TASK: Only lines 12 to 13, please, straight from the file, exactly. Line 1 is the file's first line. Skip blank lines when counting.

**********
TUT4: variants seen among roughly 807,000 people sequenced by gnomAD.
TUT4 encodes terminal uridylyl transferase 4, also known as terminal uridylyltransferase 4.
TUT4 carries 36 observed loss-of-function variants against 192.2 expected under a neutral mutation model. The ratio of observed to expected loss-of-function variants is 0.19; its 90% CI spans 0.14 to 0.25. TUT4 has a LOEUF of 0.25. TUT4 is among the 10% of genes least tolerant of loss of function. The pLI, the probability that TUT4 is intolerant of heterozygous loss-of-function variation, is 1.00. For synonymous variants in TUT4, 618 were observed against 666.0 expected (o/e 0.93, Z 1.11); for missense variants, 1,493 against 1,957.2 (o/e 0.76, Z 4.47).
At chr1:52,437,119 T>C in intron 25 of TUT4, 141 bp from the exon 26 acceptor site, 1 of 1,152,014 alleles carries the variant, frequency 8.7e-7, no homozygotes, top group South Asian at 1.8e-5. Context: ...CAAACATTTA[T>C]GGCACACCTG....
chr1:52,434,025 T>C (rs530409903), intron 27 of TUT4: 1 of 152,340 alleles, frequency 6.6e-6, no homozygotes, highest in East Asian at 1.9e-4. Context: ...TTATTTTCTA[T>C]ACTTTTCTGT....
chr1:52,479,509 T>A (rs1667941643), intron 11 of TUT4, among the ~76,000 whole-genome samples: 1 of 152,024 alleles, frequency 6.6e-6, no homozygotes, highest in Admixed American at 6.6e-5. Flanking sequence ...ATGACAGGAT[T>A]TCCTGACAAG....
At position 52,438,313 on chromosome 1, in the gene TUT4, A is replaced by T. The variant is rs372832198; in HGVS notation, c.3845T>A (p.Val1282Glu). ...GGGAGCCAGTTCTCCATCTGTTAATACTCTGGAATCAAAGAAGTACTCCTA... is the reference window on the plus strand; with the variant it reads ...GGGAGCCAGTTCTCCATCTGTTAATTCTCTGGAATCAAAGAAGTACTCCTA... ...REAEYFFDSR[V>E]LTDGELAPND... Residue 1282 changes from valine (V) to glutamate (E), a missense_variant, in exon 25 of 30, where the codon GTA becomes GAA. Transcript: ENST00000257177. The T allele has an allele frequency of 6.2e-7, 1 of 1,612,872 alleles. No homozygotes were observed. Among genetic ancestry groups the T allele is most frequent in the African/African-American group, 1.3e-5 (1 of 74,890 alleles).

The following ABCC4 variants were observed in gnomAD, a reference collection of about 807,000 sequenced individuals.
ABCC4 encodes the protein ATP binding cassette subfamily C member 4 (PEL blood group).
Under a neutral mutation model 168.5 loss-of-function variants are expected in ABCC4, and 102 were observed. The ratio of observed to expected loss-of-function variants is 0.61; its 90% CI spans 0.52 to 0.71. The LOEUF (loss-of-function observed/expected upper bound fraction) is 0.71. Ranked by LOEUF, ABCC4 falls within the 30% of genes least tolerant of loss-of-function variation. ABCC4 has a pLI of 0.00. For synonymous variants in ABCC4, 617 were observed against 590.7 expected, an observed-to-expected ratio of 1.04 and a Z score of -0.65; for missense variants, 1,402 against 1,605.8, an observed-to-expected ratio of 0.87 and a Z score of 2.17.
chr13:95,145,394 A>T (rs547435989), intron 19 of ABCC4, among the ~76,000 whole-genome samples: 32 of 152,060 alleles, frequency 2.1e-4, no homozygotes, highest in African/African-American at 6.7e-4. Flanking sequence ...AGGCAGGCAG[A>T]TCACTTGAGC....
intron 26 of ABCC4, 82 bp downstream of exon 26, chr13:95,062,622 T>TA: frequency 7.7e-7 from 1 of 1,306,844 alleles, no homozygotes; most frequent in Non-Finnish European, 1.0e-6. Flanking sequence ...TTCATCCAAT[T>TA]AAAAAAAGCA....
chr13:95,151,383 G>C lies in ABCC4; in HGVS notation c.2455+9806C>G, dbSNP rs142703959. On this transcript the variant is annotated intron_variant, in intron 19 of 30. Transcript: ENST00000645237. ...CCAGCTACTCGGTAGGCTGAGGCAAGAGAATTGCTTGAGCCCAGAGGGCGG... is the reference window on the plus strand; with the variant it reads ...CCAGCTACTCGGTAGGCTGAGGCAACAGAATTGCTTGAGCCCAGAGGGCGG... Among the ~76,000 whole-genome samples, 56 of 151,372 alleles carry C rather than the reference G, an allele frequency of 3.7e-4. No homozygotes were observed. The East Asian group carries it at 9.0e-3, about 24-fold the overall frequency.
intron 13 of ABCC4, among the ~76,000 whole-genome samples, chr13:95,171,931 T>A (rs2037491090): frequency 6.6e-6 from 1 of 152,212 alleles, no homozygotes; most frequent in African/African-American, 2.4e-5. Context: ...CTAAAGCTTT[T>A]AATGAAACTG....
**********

intron 26 of ABCC4, 82 bp downstream of exon 26, chr13:95,062,622 T>TA: frequency 7.7e-7 from 1 of 1,306,844 alleles, no homozygotes; most frequent in Non-Finnish European, 1.0e-6. Flanking sequence ...TTCATCCAAT[T>TA]AAAAAAAGCA....
chr13:95,151,383 G>C lies in ABCC4; in HGVS notation c.2455+9806C>G, dbSNP rs142703959. On this transcript the variant is annotated intron_variant, in intron 19 of 30. Transcript: ENST00000645237. ...CCAGCTACTCGGTAGGCTGAGGCAAGAGAATTGCTTGAGCCCAGAGGGCGG... is the reference window on the plus strand; with the variant it reads ...CCAGCTACTCGGTAGGCTGAGGCAACAGAATTGCTTGAGCCCAGAGGGCGG... Among the ~76,000 whole-genome samples, 56 of 151,372 alleles carry C rather than the reference G, an allele frequency of 3.7e-4. No homozygotes were observed. The East Asian group carries it at 9.0e-3, about 24-fold the overall frequency.